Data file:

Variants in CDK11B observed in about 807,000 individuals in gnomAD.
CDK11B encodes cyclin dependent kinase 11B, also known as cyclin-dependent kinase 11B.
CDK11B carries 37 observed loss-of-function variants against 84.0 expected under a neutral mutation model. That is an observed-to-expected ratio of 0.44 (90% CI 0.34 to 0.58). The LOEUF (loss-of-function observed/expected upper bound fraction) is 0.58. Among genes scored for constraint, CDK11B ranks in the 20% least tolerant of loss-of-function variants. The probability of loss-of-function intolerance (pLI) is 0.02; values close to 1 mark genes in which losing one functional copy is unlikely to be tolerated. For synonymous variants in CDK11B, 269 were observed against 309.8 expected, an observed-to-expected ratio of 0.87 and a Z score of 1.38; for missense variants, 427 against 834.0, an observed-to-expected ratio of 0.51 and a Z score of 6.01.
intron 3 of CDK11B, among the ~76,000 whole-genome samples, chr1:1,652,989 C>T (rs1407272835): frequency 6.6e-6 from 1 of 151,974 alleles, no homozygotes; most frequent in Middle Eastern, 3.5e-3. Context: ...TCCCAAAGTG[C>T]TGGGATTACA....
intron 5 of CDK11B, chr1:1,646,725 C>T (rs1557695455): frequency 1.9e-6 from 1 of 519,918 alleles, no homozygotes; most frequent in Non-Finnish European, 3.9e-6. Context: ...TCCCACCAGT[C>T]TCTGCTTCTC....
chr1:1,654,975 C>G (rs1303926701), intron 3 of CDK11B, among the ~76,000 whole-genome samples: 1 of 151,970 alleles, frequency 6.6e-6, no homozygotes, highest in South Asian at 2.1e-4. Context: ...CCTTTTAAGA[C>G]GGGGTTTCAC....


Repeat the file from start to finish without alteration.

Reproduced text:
Variants in CDK11B observed in about 807,000 individuals in gnomAD.
CDK11B encodes cyclin dependent kinase 11B, also known as cyclin-dependent kinase 11B.
CDK11B carries 37 observed loss-of-function variants against 84.0 expected under a neutral mutation model. That is an observed-to-expected ratio of 0.44 (90% CI 0.34 to 0.58). The LOEUF (loss-of-function observed/expected upper bound fraction) is 0.58. Among genes scored for constraint, CDK11B ranks in the 20% least tolerant of loss-of-function variants. The probability of loss-of-function intolerance (pLI) is 0.02; values close to 1 mark genes in which losing one functional copy is unlikely to be tolerated. For synonymous variants in CDK11B, 269 were observed against 309.8 expected, an observed-to-expected ratio of 0.87 and a Z score of 1.38; for missense variants, 427 against 834.0, an observed-to-expected ratio of 0.51 and a Z score of 6.01.
intron 3 of CDK11B, among the ~76,000 whole-genome samples, chr1:1,652,989 C>T (rs1407272835): frequency 6.6e-6 from 1 of 151,974 alleles, no homozygotes; most frequent in Middle Eastern, 3.5e-3. Context: ...TCCCAAAGTG[C>T]TGGGATTACA....
intron 5 of CDK11B, chr1:1,646,725 C>T (rs1557695455): frequency 1.9e-6 from 1 of 519,918 alleles, no homozygotes; most frequent in Non-Finnish European, 3.9e-6. Context: ...TCCCACCAGT[C>T]TCTGCTTCTC....
chr1:1,654,975 C>G (rs1303926701), intron 3 of CDK11B, among the ~76,000 whole-genome samples: 1 of 151,970 alleles, frequency 6.6e-6, no homozygotes, highest in South Asian at 2.1e-4. Context: ...CCTTTTAAGA[C>G]GGGGTTTCAC....